Date of Award

2015

Degree Type

Dissertation

Degree Name

Doctor of Philosophy (PhD)

Graduate Group

Pharmacology

First Advisor

Garret A. FitzGerald

Abstract

Nonsteroidal anti-inflammatory drugs (NSAIDs) are widely used for their analgesic, antipyretic, and anti-inflammatory effects. However, NSAIDs commonly induce gastrointestinal toxicity by mechanisms that are incompletely understood, and the efficacy and side effects of these drugs exhibit significant inter-individual variability, which is partially explained by pharmacogenetics.

The vertebrate intestinal microbiota have a highly diverse enzymatic system and hence have been implicated in the metabolism of various xenobiotics, including clinically important drugs. The composition of intestinal microbiota exhibits considerable inter-individual differences, and dysbiosis has been associated with the pathogenesis of many diseases.

The present study is designed to elucidate the interactions between the microbiota and indomethacin, an NSAID that inhibits cyclooxygenases (COX) -1 and 2. At a dose that caused small intestinal damage, orally administered indomethacin was distributed in the circulation and in the intestinal tract, and suppressed the production of both COX-1 and COX-2 derived prostaglandins in vivo. Deep sequencing analysis showed that indomethacin altered the composition and diversity of the large intestinal and fecal microbiota, shifting it towards a pro-inflammatory phenotype. Depletion of the intestinal microbiota by antibiotic treatment increased indomethacin elimination, and decreased its half-life and volume of distribution. This involves the de-glucuronidation mediated by the β-glucuronidase-expressing bacteria in the intestinal microbiota. Therefore, the intestinal microbiota may be a potential source of inter-individual variability in the pharmacokinetics and/or pharmacodynamics of indomethacin.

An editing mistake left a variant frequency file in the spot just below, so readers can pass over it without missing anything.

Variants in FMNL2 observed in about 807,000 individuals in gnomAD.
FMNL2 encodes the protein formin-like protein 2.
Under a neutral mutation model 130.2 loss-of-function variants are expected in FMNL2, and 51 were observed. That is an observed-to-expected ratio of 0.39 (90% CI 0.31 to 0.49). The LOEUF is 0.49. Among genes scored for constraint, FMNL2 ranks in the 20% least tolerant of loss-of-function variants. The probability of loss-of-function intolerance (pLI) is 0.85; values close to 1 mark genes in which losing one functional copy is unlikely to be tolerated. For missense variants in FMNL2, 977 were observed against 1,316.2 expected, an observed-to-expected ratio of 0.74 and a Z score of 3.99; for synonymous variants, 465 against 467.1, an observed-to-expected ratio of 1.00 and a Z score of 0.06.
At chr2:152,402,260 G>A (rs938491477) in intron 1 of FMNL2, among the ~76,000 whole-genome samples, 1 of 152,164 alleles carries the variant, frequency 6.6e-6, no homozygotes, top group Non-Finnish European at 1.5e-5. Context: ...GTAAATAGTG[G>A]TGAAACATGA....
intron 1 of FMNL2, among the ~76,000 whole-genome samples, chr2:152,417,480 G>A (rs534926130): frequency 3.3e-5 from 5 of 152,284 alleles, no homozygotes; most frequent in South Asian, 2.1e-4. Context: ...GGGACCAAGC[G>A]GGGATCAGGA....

This study also found that the total fecal microbial load, as well as the relative abundances of Bacteroidetes and Firmicutes oscillated during the light-dark cycle. This oscillation requires a functional host circadian clock, since deletion of Bmal1, a gene encoding a core molecular clock component, abolished this rhythmicity. The fecal microbiota composition was also altered by Bmal1-deletion. In addition, the relative abundances of several β-glucuronidase-expressing bacteria oscillate diurnally, suggesting the involvement of intestinal microbiota in the chronopharmacology of indomethacin.

The indomethacin-microbiota interactions described here provide candidate mechanisms for pathogenesis of GI toxicity, individualized drug responses, as well as the circadian variation of drug kinetics and effects.

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Pharmacology Commons

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